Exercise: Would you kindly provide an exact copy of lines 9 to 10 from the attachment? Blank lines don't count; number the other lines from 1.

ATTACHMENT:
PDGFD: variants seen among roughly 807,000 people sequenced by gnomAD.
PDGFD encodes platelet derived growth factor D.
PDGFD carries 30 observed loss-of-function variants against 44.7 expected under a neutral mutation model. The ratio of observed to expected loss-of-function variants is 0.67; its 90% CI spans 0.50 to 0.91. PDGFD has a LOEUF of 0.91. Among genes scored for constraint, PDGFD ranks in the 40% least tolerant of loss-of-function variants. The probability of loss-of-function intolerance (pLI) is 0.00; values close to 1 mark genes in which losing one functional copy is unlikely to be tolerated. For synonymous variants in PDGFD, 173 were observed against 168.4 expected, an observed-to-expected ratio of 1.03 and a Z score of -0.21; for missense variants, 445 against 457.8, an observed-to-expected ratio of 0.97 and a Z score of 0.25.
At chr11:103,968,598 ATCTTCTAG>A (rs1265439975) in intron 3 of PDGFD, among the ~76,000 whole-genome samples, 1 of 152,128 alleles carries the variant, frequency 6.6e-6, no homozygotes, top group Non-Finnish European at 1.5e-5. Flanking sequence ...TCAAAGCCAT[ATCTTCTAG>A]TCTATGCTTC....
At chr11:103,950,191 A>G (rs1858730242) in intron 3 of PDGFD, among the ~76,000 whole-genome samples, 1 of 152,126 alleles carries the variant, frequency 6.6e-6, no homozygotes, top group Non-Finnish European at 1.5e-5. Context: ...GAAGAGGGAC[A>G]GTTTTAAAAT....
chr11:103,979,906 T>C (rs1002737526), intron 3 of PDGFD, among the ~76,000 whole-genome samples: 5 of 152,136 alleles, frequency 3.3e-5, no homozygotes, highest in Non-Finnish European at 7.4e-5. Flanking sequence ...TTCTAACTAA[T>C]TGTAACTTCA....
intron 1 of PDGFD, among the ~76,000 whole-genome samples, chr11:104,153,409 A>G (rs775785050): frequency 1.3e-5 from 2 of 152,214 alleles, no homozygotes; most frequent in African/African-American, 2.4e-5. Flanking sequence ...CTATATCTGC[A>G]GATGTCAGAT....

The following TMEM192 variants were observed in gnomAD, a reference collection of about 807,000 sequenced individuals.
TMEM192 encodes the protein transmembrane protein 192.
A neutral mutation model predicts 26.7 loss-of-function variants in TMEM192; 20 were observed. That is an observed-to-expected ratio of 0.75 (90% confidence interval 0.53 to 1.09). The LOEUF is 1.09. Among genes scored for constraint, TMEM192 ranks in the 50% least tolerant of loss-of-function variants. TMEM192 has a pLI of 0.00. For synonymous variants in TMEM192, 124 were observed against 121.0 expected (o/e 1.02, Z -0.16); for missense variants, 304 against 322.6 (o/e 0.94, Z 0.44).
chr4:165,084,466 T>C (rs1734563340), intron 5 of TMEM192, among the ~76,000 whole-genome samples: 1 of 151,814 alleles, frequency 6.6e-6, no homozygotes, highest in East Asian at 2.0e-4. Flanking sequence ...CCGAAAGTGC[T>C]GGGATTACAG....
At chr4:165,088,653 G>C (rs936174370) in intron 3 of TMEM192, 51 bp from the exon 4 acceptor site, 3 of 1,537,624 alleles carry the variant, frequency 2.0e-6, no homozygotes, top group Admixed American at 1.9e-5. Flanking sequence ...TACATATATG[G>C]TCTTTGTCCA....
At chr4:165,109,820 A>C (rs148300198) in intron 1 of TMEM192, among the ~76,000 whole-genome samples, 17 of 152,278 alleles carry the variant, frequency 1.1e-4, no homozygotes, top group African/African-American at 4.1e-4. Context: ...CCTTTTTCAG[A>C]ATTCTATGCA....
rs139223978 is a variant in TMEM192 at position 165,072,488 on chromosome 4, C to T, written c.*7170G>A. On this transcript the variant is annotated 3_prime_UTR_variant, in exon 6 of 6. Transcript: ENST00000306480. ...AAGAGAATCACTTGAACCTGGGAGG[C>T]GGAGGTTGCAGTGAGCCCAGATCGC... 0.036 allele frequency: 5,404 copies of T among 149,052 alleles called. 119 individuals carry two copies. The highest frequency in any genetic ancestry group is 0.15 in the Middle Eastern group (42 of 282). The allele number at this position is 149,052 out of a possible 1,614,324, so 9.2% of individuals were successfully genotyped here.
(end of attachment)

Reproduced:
TMEM192 encodes the protein transmembrane protein 192.
A neutral mutation model predicts 26.7 loss-of-function variants in TMEM192; 20 were observed. That is an observed-to-expected ratio of 0.75 (90% confidence interval 0.53 to 1.09). The LOEUF is 1.09. Among genes scored for constraint, TMEM192 ranks in the 50% least tolerant of loss-of-function variants. TMEM192 has a pLI of 0.00. For synonymous variants in TMEM192, 124 were observed against 121.0 expected (o/e 1.02, Z -0.16); for missense variants, 304 against 322.6 (o/e 0.94, Z 0.44).